Wednesday, December 11, 2013

Nelson Mandela: 4 Lessons His Legacy Can Teach Us All

Mandela was an inspiration and hero to many. In his passing we can learn how to better ourselves and our surroundings. Below is an article of lessons we can learn from this great man. 
"On Thursday, Dec. 5, 2013, the world lost a leader, activist, fighter for freedom, and a universal symbol of peace and equality—Nelson Mandela. At age 95, Mandela lived not only a long life, but one of inspiration for us all.
To honor his legacy, I thought we’d take a look at the former president’s life, because although his path was one most of us will never have to endure, every person—no matter his/her profession or aspirations—can learn a lesson from the leader’s journey.
Nelson Mandela began his studies for a Bachelor of Arts Degree at the University College of Fort Hare but did not complete the degree there as he was expelled for joining in a student protest. He completed his BA through the University of South Africa and went back to Fort Hare for his graduation in 1943.
Lesson #1: Take action
Most would not count it wise advice to get expelled for joining a student protest, but there’s a lesson in Mandela’s misfortune: take action. He was obviously passionate about a cause (or causes) while in school, and instead of just talking and voicing his opinions about the issue, Mandela joined others to take action and bring awareness to it.
Maybe you want to make a difference in your career or see so many issues in society that you hope to change. These are both great, but actions speak louder than words. Mandela showed us that 1) it’s important to actually put action behind your feelings and desires and 2) you don’t have to wait to do so. Mandela was a college student when he first joined the protest. It doesn’t matter how young or inexperienced you are; if you decide to take action and follow your passions, you can make a difference and become successful.
Meanwhile he began studying for an LLB at the University of the Witwatersrand. By his own admission he was a poor student and left the university in 1948 without graduating. He only started studying again through the University of London and also did not complete that degree.
In 1989, while in the last months of his imprisonment, he obtained an LLB through the University of South Africa. He graduated in absentia at a ceremony in Cape Town.
Lesson #2: Follow your own route
Mandela dropped out of school, began studying again, yet didn’t finish his degree. It wasn’t until he was in prison over the course of 27 years that he obtained a law degree. His life shows that not everyone has to (or is meant to) take the “conventional” route. Although most are taught to go to post-secondary school and receive an education right after high school, many people like Mandela and others didn’t do this and were still successful.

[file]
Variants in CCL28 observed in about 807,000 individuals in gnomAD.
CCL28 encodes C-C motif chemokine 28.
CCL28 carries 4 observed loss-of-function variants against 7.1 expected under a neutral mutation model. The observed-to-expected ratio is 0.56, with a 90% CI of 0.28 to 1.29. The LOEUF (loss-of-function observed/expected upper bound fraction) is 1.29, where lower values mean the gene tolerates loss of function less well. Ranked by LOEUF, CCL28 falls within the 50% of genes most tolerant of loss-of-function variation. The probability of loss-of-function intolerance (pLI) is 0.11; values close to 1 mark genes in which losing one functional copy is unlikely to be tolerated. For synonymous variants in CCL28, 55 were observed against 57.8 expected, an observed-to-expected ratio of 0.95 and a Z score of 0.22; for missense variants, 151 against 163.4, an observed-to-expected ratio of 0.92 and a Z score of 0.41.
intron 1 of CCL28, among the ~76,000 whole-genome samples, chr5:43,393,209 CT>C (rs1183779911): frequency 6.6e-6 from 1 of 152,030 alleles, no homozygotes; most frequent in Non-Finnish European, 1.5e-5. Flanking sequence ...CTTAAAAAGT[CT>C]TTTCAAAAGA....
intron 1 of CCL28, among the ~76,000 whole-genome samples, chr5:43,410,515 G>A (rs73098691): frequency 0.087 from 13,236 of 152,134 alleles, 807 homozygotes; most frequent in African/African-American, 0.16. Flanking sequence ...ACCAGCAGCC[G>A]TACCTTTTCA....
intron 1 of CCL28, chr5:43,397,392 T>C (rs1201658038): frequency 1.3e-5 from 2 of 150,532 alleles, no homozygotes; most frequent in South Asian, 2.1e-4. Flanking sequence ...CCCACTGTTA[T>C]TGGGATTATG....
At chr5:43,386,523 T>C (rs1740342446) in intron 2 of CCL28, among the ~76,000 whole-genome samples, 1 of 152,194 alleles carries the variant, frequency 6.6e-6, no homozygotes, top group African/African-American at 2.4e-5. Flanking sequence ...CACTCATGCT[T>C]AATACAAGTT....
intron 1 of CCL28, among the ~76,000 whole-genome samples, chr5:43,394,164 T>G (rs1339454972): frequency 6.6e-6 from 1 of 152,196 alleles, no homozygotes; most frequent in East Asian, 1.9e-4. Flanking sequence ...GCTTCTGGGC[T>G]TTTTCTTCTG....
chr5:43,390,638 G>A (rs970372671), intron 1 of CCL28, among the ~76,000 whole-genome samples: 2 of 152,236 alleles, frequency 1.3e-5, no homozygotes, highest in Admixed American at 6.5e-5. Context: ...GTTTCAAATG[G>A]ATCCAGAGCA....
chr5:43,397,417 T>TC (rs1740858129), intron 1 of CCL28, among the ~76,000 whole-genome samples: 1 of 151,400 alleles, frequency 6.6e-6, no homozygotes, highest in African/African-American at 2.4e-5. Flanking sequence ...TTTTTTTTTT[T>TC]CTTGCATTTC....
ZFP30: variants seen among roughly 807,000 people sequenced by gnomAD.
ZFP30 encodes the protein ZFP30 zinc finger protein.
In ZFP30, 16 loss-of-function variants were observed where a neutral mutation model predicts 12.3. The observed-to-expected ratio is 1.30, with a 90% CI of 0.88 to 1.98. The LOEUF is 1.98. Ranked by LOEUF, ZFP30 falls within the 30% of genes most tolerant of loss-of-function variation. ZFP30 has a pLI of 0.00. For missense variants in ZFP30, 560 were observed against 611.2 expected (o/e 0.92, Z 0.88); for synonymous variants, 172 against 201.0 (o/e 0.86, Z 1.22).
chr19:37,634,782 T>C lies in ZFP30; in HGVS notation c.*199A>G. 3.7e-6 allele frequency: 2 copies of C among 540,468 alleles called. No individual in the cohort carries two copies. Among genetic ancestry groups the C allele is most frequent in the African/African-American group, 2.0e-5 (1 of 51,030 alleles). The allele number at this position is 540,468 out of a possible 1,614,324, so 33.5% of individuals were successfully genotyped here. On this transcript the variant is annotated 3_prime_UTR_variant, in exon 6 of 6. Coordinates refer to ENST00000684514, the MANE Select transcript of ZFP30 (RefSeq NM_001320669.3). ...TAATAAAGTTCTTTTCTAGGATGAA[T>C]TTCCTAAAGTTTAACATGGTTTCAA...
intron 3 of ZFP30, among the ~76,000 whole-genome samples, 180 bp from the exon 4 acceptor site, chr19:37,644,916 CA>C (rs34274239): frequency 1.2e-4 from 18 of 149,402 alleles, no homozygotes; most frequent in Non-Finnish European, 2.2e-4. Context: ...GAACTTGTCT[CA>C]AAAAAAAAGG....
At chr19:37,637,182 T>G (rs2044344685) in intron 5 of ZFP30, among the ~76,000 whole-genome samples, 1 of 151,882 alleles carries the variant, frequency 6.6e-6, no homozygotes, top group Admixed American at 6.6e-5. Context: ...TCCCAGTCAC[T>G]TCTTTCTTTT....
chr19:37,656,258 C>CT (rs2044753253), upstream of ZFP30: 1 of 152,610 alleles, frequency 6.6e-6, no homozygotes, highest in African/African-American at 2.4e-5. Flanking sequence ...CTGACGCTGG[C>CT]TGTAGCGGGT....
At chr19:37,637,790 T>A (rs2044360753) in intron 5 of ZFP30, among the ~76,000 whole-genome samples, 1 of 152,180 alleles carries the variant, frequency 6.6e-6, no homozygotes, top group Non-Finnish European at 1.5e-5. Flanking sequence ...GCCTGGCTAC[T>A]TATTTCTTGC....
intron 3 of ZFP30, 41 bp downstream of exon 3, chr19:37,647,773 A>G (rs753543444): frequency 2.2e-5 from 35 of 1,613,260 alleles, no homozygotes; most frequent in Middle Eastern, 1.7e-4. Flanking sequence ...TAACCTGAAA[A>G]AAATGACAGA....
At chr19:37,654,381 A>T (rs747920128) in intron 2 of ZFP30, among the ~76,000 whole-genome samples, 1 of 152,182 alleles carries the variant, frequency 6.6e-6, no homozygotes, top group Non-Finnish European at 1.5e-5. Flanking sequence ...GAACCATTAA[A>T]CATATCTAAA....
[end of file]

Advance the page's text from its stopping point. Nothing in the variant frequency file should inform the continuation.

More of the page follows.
Find the route in life that works best for you. There are plenty of successful (and millionaire)entrepreneurs without a college degree or who completed a degree later down the road.
In October 1963 Nelson Mandela joined nine others on trial for sabotage in what became known as the Rivonia Trial.  Facing the death penalty his words to the court at the end of his famous ‘Speech from the Dock’ on 20 April 1964 became immortalized:
“I have fought against white domination, and I have fought against black domination. I have cherished the ideal of a democratic and free society in which all persons live together in harmony and with equal opportunities. It is an ideal which I hope to live for and to achieve. But if needs be, it is an ideal for which I am prepared to die.”
Lesson #3: Prepare for adversity
The path to pursuing your goals will inevitably be met with adversity. Mandela spent 27 years in prison for fighting against apartheid; he was even willing to sacrifice his life for the cause. In today’s society, most of us are not called to sacrifice our lives for a cause, but do we desire to reach our goals enough to meet and overcome every obstacle we will face along the way?
In 1993 he and President FW de Klerk jointly won the Nobel Peace Prize and on 27 April 1994 he voted for the first time in his life.
On 10 May 1994 he was inaugurated South Africa’s first democratically elected President.
Lesson #4: Embrace your destiny
So many of us have hopes and dreams, but are we actually prepared to step into those rolls? Are we prepared to start that business, be that CEO or conduct that heart transplant? After many years of fighting against (and helping defeat) apartheid, Mandela was elected as South Africa’s first black president. What an immense role, especially at the age of 76, but his life teaches us to fully embrace our destinies. Be confident in your calling and purpose, and be prepared for when the time arrives to step into the role of your dreams—not matter what age you are.
There are SO many more lessons we could learn from Mandela’s life, but I think a final one is best summed up in the influential leader’s own words: